Subject:
English Language Arts
Material Type:
Lesson Plan
Level:
High School
Grade:
12
Provider:
Pearson
Tags:
Culture, Difference, Globalization, Grade 12 ELA
License:
Creative Commons Attribution-NonCommercial 4.0
Language:
English

Citing Quotations From A Play

Citing Quotations From A Play

Overview

What are the conventions for citing quotations from a play? You will guide students through the rules, and they’ll have one more chance to proofread their essays. Students will reflect on the Guiding Questions. Then they will select their Independent Reading books.

Preparation

  • Read the lesson and student content.
  • Anticipate student difficulties and identify the differentiation options you will choose for working with your students.

Shakespearean Notation

  • Let students know that they are expected to include quotations from The Tempest in their essays.
  • Remind them to be absolutely precise in using the quotations, maintaining capital letters where they would not normally appear in prose and using Shakespearean spelling.
  • Each citation must be followed by the act, scene, and line number in the play. For example:
    • ✓ “How many goodly creatures are there here! / How beauteous mankind is! O brave new world, / That has such people in’t!” (5.1.209–211)
  • Note that there are multiple ways to format citations, but the essential information remains the same: act, scene, and line number. Use the formatting style of your choosing.
  • Review the conventions for quotation marks.
    • ELL: Be sure your pace is adequate, and pause as necessary to ensure that ELLs are following the review. Allow them to ask questions to clarify meaning, if needed.
  • Ask students if they have any questions.

Opening

Listen as your teacher reviews conventions for citing quotations and Shakespearean notation.

  • Take notes so that you can check the quotations and citations in your essay.

Open Notebook

Your Quotations

  • Give students time to proofread and to make corrections, in groups of three or four.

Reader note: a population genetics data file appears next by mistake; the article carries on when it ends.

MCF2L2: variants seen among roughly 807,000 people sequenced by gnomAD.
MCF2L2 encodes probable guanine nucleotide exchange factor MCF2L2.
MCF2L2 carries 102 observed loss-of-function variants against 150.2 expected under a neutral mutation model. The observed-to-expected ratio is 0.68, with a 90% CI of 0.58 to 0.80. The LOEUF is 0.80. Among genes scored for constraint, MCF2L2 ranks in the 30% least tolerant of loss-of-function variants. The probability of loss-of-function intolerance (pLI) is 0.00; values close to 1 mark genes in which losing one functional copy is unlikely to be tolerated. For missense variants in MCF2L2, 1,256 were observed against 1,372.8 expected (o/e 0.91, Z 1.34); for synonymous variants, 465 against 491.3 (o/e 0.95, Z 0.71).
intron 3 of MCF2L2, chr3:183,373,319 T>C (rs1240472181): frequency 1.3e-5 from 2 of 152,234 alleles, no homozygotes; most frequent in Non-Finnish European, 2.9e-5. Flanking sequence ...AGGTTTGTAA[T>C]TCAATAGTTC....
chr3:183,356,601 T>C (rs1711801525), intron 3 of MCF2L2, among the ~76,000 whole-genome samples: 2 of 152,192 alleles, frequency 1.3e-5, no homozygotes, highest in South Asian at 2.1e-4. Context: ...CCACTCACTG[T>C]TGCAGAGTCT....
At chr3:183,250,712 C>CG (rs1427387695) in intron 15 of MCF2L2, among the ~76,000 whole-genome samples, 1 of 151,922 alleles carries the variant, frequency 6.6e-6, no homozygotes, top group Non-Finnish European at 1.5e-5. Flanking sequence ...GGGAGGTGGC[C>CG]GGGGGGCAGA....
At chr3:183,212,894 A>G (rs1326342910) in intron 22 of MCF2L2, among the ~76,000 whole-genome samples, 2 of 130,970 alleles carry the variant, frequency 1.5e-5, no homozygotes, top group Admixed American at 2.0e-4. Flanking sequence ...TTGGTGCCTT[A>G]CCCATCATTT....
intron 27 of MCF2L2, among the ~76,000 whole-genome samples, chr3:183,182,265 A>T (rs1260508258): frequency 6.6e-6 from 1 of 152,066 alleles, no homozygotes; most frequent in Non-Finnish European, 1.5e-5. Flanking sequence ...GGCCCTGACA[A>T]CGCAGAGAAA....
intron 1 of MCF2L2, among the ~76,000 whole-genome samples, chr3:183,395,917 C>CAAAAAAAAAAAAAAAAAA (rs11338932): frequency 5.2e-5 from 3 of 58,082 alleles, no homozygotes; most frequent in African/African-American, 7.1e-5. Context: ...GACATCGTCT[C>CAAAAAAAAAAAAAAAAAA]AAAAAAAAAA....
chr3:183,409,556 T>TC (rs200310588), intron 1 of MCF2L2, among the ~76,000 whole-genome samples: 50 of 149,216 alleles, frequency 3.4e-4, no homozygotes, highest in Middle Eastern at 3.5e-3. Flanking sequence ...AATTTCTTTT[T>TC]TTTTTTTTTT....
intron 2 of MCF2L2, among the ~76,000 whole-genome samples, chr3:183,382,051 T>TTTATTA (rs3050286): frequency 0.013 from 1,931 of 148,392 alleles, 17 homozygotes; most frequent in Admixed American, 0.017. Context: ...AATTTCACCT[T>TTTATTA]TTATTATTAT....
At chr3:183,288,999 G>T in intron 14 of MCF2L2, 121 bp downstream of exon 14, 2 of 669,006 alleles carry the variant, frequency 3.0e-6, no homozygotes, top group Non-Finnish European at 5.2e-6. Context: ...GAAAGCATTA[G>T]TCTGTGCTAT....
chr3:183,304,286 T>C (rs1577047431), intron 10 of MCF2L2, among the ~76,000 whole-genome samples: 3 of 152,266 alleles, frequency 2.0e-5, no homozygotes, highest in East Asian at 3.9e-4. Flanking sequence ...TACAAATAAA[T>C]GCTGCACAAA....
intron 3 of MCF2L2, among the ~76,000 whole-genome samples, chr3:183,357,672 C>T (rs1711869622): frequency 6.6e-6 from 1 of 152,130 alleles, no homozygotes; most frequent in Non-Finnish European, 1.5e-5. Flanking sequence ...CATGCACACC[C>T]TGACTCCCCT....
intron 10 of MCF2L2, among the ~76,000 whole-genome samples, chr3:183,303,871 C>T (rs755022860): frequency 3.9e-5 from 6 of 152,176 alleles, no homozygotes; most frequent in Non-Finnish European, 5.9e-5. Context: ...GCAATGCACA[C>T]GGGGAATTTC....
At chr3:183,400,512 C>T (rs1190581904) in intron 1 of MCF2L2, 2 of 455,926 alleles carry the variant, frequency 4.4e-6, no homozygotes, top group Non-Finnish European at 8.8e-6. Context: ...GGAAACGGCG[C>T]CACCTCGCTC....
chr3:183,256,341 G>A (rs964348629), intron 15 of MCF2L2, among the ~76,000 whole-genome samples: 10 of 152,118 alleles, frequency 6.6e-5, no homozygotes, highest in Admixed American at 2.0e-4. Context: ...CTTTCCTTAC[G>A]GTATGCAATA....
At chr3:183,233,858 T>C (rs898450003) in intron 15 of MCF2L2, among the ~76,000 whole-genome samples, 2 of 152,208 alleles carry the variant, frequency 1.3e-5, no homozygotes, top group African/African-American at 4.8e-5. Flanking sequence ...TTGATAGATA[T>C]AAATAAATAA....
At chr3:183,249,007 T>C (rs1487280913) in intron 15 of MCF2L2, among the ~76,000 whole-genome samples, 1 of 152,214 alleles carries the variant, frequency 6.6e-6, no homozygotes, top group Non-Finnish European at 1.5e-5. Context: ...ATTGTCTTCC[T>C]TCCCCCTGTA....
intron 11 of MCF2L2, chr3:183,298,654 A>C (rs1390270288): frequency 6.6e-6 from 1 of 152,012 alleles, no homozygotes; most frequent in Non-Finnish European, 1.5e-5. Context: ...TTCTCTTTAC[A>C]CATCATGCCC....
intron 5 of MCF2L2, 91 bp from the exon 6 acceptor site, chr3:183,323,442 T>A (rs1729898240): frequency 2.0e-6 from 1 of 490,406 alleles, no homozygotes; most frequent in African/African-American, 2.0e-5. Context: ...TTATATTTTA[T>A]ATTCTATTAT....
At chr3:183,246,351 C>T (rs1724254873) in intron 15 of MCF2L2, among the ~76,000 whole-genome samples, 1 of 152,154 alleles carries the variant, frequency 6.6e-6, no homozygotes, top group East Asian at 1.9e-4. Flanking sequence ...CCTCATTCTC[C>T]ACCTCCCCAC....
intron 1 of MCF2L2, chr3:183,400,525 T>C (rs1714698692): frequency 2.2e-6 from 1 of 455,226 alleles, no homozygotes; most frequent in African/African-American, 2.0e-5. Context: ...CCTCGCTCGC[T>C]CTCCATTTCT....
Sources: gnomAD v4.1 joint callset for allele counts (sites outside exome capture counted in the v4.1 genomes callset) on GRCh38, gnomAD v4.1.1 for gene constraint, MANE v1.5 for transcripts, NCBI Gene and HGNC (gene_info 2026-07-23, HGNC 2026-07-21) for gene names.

• SWD: Be sure that each of group has at least one student who can support SWDs in the task of proofreading.
  • When students have had a chance to review each paper, ask them to submit their essays.

Work Time

In a small group, go over your essay again.

  • One at a time, review each of the quotations you cited in your essay.
  • Check also for errors in punctuation, grammar, spelling, and capitalization.

Submit your essay to your teacher.

Guiding Questions

  • Give students at least 10 minutes to reflect on the Guiding Questions for the unit.
    • ELL: It is important that ELLs be supported, since this activity has a heavy language load. Support this group by allowing them to discuss with a partner if they so choose and by giving them additional time.
  • As students are reading their reflections, circulate to listen for ideas that are original or provocative for the Whole Group Discussion.

Work Time

Write a brief reflection about how reading The Tempest has engaged you in thinking about answers to the Guiding Questions for this unit.

  • What role do national identity, custom, religion, and other locally held beliefs play in a world increasingly characterized by globalization?
  • How does Shakespeare’s view of human rights compare with that in the Universal Declaration of Human Rights?
  • Who is civilized? Who decides what civilization is or how it’s defined?
  • How do we behave toward and acknowledge those whose culture is different from our own?

Open Notebook

Exchange reflections with a partner and read. Decide what you would like to share in the Whole Group Discussion.

Think about how much our civilized society has changed since Shakespeare’s time.

Guiding Questions

  • Facilitate a discussion about The Tempest and what that play says about the Guiding Questions.

Closing

Share with your classmates what you, your partner, or both of you wrote about the Guiding Questions.

  • What role do national identity, custom, religion, and other locally held beliefs play in a world increasingly characterized by globalization?
  • How does Shakespeare’s view of human rights compare with that in the Universal Declaration of Human Rights?
  • Who is civilized? Who decides what civilization is or how it’s defined?
  • How do we behave toward and acknowledge those whose culture is different from our own?

Independent Reading

  • Reinforce for students the importance of budgeting their time and not leaving their reading to the last minute.

Homework

Back in Lesson 1, you looked over the list of Independent Reading texts. By now, you have chosen one of them for Independent Reading.

Each book on the list will help to address this Guiding Question for the unit: “How do we behave toward and acknowledge those whose culture is different from our own?”

  • Begin reading your chosen book.

During class time over the next few days, you will be exploring contemporary global issues having to do with civilized behavior.